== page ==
Pennsylvania
were changed in April 2001.

State County Location mi [18][19][20] km Old exit [21] New exit [21] Destinations Notes

Maryland Baltimore
Baltimore
City 0.00 0.00

President Street / Fayette Street east Southern terminus; at-grade intersection; road continues as President Street

1 Fayette Street west Southbound exit only

Gay Street Northbound entrance only

0.30 0.48

— Pleasant Street Southbound exit only

0.90 1.45

3 Chase Street Northbound exit only

Guilford Avenue Southbound exit and northbound entrance

1.29 2.08

4 MD 2 south (St. Paul Street) Southbound exit and entrance only; access to Penn Station

1.51 2.43

5 Maryland
Maryland
Avenue Southbound exit and northbound entrance

1.85 2.98

6

US 1 / US 40 Truck (North Avenue) / Mount Royal Avenue No entrance from southbound US 1 to southbound I-83, access to North Avenue Light Rail station

2.42 3.89

7 28th Street / Druid Park Lake Drive Split into exits 7A (Druid Park Lake Drive) and 7B (28th Street) northbound

3.02 4.86

8 MD 25 north (Falls Road) Northbound exit and southbound entrance

4.74 7.63

9 Cold Spring Lane Split into exits 9A (east) and 9B (west), access to Cold Spring Lane Light Rail station

5.86 9.43

10 Northern Parkway Split into exits 10A (east) and 10B (west)

Baltimore Ruxton 8.97 14.44

12 MD 133 (Old Court Road) / Ruxton Road Northbound exit and southbound entrance

Brooklandville 9.74 15.68

23B MD 25 (Falls Road) No northbound entrance; no exit number northbound; exit number follows I-695; connector north to MD 25 is unsigned MD 25A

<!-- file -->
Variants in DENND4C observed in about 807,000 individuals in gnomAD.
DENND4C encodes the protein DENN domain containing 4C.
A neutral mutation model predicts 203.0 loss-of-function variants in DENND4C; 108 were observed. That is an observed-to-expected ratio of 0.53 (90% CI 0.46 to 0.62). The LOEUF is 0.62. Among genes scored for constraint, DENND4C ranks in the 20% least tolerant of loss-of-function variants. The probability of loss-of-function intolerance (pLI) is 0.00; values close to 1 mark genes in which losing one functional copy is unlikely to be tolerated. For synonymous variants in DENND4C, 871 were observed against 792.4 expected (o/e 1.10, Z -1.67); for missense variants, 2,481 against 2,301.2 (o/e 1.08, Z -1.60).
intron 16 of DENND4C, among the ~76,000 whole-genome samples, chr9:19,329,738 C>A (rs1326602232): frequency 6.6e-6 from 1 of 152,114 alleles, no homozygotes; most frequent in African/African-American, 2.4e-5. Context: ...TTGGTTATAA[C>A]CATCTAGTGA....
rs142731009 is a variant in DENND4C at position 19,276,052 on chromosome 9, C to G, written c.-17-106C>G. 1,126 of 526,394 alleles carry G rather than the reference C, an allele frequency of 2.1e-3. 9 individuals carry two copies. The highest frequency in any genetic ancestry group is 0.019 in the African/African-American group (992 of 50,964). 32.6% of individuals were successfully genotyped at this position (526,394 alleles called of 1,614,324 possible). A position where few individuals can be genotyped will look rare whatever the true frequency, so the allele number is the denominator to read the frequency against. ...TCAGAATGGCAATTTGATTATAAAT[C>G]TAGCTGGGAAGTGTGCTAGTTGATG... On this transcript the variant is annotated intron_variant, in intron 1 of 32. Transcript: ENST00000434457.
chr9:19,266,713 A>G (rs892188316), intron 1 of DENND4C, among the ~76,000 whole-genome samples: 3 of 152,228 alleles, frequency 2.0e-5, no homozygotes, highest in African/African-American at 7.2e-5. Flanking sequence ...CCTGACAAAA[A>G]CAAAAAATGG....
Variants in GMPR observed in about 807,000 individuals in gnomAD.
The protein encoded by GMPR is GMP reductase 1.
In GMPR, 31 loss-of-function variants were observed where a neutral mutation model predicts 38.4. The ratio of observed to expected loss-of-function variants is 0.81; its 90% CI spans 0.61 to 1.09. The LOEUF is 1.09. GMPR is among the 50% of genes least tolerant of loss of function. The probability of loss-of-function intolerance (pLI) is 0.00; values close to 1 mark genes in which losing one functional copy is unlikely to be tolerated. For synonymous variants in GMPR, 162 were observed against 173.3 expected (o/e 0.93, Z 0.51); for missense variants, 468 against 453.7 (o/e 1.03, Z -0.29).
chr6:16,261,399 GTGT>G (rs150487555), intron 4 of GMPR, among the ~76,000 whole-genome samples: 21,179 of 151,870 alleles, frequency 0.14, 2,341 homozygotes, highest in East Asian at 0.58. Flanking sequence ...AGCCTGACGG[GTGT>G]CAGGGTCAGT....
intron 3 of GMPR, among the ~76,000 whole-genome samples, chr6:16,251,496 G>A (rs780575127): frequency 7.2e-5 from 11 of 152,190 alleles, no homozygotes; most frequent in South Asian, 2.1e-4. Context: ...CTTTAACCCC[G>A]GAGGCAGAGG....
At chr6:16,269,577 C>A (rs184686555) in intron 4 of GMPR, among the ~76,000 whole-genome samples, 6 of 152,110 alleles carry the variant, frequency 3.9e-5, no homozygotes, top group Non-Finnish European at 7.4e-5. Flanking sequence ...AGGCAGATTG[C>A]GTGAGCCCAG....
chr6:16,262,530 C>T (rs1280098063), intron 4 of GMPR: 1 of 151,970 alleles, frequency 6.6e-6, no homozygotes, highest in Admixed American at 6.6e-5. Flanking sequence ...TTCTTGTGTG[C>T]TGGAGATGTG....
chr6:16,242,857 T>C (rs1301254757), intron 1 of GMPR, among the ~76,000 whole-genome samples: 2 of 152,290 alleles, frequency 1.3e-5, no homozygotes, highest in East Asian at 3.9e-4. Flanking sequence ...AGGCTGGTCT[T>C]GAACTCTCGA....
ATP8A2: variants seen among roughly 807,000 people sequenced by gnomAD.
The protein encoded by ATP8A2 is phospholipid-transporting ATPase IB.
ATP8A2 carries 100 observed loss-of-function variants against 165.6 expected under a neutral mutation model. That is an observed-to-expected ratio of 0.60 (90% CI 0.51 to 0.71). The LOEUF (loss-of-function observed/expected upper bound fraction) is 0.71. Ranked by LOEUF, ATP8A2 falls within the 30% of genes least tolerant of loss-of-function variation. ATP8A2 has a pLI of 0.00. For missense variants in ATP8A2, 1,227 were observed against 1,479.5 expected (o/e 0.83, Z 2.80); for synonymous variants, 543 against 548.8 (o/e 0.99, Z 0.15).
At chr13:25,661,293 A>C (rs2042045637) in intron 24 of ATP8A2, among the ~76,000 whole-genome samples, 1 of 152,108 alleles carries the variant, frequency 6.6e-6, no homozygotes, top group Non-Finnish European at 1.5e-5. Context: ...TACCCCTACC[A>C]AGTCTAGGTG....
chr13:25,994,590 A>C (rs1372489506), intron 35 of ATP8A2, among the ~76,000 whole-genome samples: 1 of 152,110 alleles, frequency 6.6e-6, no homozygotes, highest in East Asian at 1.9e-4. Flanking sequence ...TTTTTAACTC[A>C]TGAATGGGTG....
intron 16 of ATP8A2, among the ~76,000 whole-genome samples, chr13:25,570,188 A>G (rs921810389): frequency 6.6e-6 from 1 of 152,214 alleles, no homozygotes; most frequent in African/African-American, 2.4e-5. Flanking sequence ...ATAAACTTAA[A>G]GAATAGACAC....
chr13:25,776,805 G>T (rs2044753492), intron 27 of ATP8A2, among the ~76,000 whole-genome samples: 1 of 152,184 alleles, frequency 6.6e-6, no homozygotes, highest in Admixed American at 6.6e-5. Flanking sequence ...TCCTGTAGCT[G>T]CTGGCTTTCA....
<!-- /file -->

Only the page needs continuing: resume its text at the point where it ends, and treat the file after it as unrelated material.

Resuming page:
— I-695 west ( Baltimore
Baltimore
Beltway) – Pikesville, Washington I-695 exit 23A-B; south end of concurrency with I-695

Lutherville 11.26 18.12

— I-695 east ( Baltimore
Baltimore
Beltway) – Towson, New York I-695 exit 24; north end of concurrency with I-695; southbound exit includes direct ramp onto MD 133 (Charles Street)

Timonium 12.59 20.26

16 Timonium Road Split into exits 16A (east) and 16B (west) northbound, access to Timonium Light Rail station

14.02 22.56

17 Padonia Road

Cockeysville 15.44 24.85

18 Warren Road – Cockeysville Northbound exit and southbound entrance; Warren Road is unsigned MD 943, access to Warren Road Light Rail station

17.18 27.65

20 Shawan Road – Cockeysville Split into exits 20A (east) and 20B (west)

Sparks 20.97 33.75

24 Belfast Road – Butler, Sparks

Hereford 24.26 39.04

27 MD 137 (Mt. Carmel Road) – Hereford

Parkton 27.61 44.43

31 Middletown Road – Parkton

29.63 47.68

33 MD 45 (York Road) – Parkton

Maryland
Maryland
Line 33.22 53.46

36 MD 439 (Old York Road) – Maryland
Maryland
Line, Bel Air

34.35 55.28

37 Freeland Road Southbound exit and northbound entrance

Mason–Dixon line 34.50

0.000 55.52

0.000 Maryland– Pennsylvania
Pennsylvania
state line

Pennsylvania York Shrewsbury Township 3.529 5.679 1 4 PA 851 (Forrest Avenue) – Shrewsbury

Springfield Township 7.529 12.117 2 8 PA 216 (Seaks Run Road) – Glen Rock

10.340 16.641 3 10 To PA 214 / North Avenue – Loganville

Spring Garden Township 13.657 21.979 4 14 PA 182 (Leader Heights Road) – Leader Heights

14.230 22.901 5 15 I‑83 Bus. north (South George Street) Directional T interchange

15.497 24.940 6 16 PA 74 (Queen Street) Split into exits 16A (south) and 16B (north)

17.600 28.324 7 18 PA 124 (Mount Rose Avenue)

Springettsbury Township 18.746 30.169 8 19 PA 462 (Market Street) Split into exits 19A (east) and 19B (west) southbound

Manchester Township 21.071 33.910 9 21 US 30 (Arsenal Road) – Lancaster, Gettysburg Split into exits 21A (east) and 21B (west) northbound; no access from southbound I-83 to westbound US 30 or from eastbound US 30 to northbound I-83

21.648 34.839 10 22 I‑83 Bus. south / PA 181 (North George Street) to US 30 west

23.716 38.167 11 24 PA 238 (Church Road) – Emigsville

28.152 45.306 12 28 PA 295 (Susquehanna Trail) – Strinestown, Zions View

Newberry Township 31.932 51.390 13 32 PA 382 (Old Trail Road) – Newberrytown

33.374 53.710 14 33 PA 392 (Old Trail Road) – Yocumtown